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Trade agreements matter; U.S. has work to do

View From the Hill: With the Regional Comprehensive Economic Partnership (RCEP) official, U.S. needs to get busy on getting trade agreements done.

Paul Penner

December 7, 2020

3 Min Read
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TRADE MATTERS: The new Asia-Pacific trading bloc, RCEP, is the world’s largest trade partnership —and it does not include the U.S. Its completion will have a lasting impact on the U.S. economy, and it underscores the need for U.S. negotiators to quickly get to work on new alliances.P.J. Griekspoor

RCEP: Asia-Pacific countries form world largest trading bloc

This headline, published online on bbc.com Nov. 16 of this year, has become the greatest globally significant announcement since the U.S. presidential election of 2020.

Why? National leaders like ours come and go, and policies often change, depending on the direction a democratically governed nation decides to go. But this is significant because it signals what will likely take place in the future — not only in the near term, but also 20 to 50 years from now, and perhaps beyond the current century. Will this new trading bloc impact our fortunes here in the United States? Yes. Absolutely.

With negotiations begun in 2012, the RCEP, aka theRegional Comprehensive Economic Partnership comprises 15 countries and encompasses nearly a third of the global economy. And the notable thing about it is the United States of America, currently a top global economic and military power, is not included as a member.

Ten Southeast Asian countries, plus South Korea, China, Japan, Australia and New Zealand, round out the list — with a seat set aside for India, should it later decide to join. Tariff rate reductions are scheduled over 20 years, and will not go lower than the CPTPP (Comprehensive and Progressive Agreement for Trans-Pacific Partnership) rates, yet will be a significant reduction over current rates.

That said, Canada is not a member, nor are Russia or countries in South America or Europe, which indicates a significant paradigm shift within the world’s top economies; two countries, China and later, India, are now in the running to become dominant economic powers.

With this in mind, imagine how this trading bloc will determine who will rise to prominence, or who will suffer if they find themselves at a disadvantage or on the outside, looking in.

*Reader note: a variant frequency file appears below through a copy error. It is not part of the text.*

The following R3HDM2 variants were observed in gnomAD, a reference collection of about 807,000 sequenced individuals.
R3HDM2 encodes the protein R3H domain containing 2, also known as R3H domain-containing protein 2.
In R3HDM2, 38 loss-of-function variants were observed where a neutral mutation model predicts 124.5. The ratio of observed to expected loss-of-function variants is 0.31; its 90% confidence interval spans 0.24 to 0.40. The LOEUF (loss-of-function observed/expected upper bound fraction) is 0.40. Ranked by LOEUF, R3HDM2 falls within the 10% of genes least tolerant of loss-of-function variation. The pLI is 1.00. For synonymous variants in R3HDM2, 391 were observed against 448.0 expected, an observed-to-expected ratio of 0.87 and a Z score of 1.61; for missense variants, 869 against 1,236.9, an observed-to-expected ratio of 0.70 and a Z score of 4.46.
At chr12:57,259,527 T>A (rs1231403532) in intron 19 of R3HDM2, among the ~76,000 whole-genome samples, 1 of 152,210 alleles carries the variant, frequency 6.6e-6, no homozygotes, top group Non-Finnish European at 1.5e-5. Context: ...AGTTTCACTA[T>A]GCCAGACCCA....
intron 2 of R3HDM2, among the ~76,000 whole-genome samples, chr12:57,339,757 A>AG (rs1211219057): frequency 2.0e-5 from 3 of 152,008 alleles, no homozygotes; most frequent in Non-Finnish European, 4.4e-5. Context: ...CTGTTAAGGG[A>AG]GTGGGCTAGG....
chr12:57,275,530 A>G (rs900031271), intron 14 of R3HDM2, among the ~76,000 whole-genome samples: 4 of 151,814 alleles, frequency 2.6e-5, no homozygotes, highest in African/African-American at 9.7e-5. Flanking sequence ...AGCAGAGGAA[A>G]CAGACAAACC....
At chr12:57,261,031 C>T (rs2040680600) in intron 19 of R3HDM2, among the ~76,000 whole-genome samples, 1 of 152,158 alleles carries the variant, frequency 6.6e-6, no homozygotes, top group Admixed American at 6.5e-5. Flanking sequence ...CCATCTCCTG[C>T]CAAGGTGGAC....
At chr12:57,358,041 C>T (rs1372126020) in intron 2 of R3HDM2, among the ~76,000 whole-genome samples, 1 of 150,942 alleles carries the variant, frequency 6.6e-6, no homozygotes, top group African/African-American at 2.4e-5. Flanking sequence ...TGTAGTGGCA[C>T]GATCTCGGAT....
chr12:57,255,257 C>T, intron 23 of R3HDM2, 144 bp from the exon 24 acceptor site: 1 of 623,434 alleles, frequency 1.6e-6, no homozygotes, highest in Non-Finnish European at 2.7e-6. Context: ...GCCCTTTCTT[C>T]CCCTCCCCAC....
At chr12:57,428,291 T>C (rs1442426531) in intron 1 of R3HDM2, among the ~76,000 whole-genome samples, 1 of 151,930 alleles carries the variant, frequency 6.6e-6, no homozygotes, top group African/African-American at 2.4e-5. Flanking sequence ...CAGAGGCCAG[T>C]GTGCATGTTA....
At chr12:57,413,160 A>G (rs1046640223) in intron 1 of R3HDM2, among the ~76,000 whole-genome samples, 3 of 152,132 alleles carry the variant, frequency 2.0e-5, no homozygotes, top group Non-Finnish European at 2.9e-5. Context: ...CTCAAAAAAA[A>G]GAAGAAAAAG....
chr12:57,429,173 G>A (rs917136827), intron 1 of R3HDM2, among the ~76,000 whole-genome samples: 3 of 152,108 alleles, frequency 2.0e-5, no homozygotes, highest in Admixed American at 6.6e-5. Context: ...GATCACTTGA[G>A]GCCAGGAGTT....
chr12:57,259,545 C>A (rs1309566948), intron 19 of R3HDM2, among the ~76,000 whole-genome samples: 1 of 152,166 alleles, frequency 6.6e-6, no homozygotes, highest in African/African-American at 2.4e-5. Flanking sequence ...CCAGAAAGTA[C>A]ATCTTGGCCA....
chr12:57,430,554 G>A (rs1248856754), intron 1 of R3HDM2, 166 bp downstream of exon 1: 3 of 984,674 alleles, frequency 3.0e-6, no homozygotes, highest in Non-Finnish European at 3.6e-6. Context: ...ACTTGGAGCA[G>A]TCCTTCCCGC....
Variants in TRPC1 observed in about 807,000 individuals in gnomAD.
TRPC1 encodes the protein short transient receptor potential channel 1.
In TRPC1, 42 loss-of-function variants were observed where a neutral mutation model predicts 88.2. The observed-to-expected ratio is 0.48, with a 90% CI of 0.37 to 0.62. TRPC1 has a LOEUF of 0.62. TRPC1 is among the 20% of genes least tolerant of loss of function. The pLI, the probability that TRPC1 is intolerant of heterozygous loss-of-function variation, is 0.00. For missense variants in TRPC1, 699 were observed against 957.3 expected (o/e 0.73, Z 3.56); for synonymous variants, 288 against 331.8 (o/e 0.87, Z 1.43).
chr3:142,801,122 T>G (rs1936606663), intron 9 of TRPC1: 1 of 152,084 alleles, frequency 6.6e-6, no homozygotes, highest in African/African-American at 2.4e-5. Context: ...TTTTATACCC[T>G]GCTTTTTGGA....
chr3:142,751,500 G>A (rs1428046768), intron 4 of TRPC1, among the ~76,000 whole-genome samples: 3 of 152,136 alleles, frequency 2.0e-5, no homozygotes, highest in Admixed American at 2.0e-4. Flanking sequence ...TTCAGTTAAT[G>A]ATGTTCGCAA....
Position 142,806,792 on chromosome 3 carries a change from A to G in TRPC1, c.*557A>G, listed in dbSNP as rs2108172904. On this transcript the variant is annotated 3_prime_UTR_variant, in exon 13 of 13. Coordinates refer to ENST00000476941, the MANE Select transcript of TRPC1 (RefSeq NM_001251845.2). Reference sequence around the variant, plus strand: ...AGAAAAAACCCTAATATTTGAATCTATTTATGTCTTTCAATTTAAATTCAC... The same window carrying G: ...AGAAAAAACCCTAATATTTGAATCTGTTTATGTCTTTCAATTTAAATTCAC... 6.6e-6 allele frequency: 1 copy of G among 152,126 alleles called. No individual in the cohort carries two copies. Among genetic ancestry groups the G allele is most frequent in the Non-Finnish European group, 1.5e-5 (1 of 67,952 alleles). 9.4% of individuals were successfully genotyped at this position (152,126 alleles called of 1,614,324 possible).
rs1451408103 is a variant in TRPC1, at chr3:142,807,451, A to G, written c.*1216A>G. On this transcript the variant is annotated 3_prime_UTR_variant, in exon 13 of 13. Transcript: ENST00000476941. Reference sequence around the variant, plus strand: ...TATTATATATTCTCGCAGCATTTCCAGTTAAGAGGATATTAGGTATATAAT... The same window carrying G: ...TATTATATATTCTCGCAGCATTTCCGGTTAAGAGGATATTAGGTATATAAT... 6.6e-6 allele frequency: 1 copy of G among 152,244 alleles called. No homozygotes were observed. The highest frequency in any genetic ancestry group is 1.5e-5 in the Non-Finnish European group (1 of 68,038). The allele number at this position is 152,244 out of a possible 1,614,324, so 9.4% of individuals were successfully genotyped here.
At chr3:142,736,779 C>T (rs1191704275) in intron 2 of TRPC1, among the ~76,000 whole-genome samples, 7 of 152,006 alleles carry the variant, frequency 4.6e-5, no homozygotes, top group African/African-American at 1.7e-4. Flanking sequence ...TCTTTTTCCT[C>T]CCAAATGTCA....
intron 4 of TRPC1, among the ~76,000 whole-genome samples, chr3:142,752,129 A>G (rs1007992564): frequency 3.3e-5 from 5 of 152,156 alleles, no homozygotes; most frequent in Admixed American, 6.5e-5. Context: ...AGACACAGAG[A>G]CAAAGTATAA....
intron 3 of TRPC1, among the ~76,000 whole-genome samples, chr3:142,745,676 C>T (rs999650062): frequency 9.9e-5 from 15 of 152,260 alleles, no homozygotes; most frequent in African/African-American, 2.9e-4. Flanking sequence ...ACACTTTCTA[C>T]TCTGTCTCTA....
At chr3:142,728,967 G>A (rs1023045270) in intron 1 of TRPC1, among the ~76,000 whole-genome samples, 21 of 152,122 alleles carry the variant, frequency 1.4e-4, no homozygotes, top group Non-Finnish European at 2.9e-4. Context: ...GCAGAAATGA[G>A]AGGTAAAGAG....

Hindsight is always 20/20 when looking from a distance as well as after the fact, when one can better determine whether or not a decision was beneficial. A case in point: President Trump’s decision to withdraw from the Trans-Pacific Partnership, which later reorganized into the CPTPP, which continued without our participation.

Rather than encircling China to mitigate its dominance in the marketplace by inclusion within the TPP agreement, we will now trade with these nations at a competitive disadvantage moving forward. Plus, China has created its own partnership with these same nations, and they are virtually able to have major influence in the outcome.

Though we have completed unilateral beneficial agreements with Japan and South Korea, future export potential may significantly change due to conflicting priorities, and therefore is less likely to improve our outcome. These countries are also members of both trading blocs, with terms unique to each group. Hence, their flexibility in liberalizing trade with us could be problematic. 

Even so, we have had limited success in securing unilateral trade agreements with the remaining nations which makes up the CPTPP trade bloc. Plus, our trade agreement with China appears to be in doubt, as its leaders have signaled their intentions to renegotiate the terms of the agreement.

So, where do we go from here?

Canada, our most important trading partner in North America, is a member of the CPTPP. As competitors in agricultural export markets outside of North America, American agriculture will clearly be negatively affected by our exclusion.

We cannot afford to remain at a competitive disadvantage; hence, it is imperative that our trade experts should begin discussions requesting readmission to the CPTPP. Admission must be sooner rather than later.

And lastly, we must end this costly trade war and restore damaged relationships with our allies and trading partners. There are better ways negotiators, commodity groups, legislators and others can work together to engage in reform to secure a better economic future for this country.

Let’s get to work together, today, right now.

Penner is a Marion County farmer and past president of the National Association of Wheat Growers. His email is [email protected].



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